A gay South Dakota teenager who was allegedly forced to wear by his boss to wear a name tag reading “Gaytard” filed a complaint with the Equal Employment Opportunity Commission this week alleging discrimination by his former employer, according to the Sioux, Falls, S.D. Argus Leader.
Tyler Brandt, 16, of Yankston, S.D., resigned from his job at Taco John in June after the manager made wear him the name tag. Brandt told Keloland at first he wore the name tag because he feared for losing his job.
“I would always stay behind the till so they couldn’t see the name tag, I didn’t want them to see it, but even though they couldn’t see it, he would still call me by the name across the store and customers would notice,” the teen said.
Brandt is represented by American Civil Liberties Union of South Dakota. His complaint alleges that Taco John’s of Yankton and its parent company, Taco John’s International, violated the Civil Rights Act of 1964.
“What happened to me was so incredibly humiliating. My hope is that this filing results in a policy to ensure that no other Taco John’s employee will ever experience this kind of harassment,” he said in a statement.
The Argus Leader reported that the store’s manager saw the story differently.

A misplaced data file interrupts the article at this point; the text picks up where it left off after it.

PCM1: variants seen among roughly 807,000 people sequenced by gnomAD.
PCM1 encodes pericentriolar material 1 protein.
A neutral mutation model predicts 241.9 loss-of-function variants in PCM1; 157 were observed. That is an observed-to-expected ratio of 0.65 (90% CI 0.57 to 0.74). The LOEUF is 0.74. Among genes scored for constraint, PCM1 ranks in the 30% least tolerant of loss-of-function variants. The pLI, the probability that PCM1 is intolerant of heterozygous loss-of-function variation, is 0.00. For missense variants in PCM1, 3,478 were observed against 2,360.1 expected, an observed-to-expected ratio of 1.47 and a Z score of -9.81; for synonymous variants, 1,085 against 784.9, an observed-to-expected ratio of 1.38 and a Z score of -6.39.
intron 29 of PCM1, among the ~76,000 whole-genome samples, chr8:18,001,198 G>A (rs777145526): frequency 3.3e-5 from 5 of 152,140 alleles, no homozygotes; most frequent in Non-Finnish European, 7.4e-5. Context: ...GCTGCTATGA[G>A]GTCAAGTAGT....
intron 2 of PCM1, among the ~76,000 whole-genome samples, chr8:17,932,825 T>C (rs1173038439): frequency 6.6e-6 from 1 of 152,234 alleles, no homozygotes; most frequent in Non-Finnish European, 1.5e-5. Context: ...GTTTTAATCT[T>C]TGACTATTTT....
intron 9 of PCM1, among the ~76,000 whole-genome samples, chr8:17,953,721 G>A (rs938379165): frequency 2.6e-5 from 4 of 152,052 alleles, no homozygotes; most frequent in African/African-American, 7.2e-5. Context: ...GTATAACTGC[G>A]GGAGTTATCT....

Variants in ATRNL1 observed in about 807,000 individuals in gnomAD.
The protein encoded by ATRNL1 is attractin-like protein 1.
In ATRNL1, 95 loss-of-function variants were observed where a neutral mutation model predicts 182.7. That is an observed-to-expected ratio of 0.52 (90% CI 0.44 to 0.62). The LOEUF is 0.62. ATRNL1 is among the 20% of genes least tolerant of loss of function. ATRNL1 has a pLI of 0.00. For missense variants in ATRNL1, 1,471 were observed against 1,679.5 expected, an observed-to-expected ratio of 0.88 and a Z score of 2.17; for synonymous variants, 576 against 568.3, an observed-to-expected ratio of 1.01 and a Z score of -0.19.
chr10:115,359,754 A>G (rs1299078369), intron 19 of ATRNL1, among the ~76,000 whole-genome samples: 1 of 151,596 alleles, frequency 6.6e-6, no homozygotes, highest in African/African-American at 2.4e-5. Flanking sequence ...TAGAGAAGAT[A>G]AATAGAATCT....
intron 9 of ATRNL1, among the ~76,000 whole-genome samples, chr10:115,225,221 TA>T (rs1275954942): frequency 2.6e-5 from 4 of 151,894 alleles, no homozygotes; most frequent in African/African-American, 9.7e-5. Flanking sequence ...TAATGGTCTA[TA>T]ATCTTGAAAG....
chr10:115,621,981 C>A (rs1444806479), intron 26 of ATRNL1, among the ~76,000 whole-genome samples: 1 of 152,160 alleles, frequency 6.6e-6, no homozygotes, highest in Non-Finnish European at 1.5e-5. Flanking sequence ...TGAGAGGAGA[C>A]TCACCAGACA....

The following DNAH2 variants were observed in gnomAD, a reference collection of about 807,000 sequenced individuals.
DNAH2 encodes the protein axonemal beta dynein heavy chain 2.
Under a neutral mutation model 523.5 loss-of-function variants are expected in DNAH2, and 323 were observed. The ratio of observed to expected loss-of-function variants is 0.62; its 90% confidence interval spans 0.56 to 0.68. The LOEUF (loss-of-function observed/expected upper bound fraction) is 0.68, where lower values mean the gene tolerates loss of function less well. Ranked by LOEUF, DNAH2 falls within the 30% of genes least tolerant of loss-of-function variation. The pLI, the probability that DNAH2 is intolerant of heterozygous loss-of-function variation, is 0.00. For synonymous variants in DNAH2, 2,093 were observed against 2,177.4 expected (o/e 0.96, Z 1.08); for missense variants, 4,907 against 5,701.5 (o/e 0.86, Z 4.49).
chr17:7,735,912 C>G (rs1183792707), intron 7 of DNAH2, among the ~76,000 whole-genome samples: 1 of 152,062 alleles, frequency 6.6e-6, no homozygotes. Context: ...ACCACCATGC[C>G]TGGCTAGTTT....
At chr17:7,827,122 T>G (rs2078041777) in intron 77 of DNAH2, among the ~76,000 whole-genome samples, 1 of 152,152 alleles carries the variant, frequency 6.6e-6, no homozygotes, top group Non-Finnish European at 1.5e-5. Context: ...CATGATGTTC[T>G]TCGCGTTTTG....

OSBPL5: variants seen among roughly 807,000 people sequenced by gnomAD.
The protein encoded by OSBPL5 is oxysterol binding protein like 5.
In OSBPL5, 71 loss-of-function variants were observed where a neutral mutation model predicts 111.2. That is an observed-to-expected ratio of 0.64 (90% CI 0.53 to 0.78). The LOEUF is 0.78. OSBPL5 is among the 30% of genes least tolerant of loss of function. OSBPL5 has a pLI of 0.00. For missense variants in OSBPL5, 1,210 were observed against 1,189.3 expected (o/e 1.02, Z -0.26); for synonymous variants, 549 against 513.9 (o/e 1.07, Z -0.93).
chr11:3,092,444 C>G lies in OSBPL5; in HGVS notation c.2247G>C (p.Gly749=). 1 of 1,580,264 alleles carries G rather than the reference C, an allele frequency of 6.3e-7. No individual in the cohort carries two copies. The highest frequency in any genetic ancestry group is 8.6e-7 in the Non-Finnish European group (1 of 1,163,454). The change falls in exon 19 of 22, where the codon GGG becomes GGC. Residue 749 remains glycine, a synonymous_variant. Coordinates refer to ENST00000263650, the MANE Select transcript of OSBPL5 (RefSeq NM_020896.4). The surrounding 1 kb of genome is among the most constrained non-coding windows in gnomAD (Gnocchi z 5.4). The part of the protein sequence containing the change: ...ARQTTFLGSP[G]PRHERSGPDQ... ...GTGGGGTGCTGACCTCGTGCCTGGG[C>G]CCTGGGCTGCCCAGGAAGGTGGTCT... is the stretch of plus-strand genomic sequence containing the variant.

John Scott, the franchised store’s manager, said over the summer that Brandt had asked for the name tag. “He asked [a different] manager to make that name tag for him,” Scott said in June. “He [the manager] didn’t tell him he had to wear it. [Brandt] put it on himself and created the situation.”
Taco John International released a statement in June saying that the company “has a strict anti-discrimination policy and does not tolerate harassment.” However, Patricia Hays, The corporation’s counsel, said the company would not investigate the incident because it happened at an independently-owned store.
“We think what happened to Tyler is deplorable, and this is a chance for Taco John’s International to make it right,” said Heather Smith, head of the ACLU of South Dakota.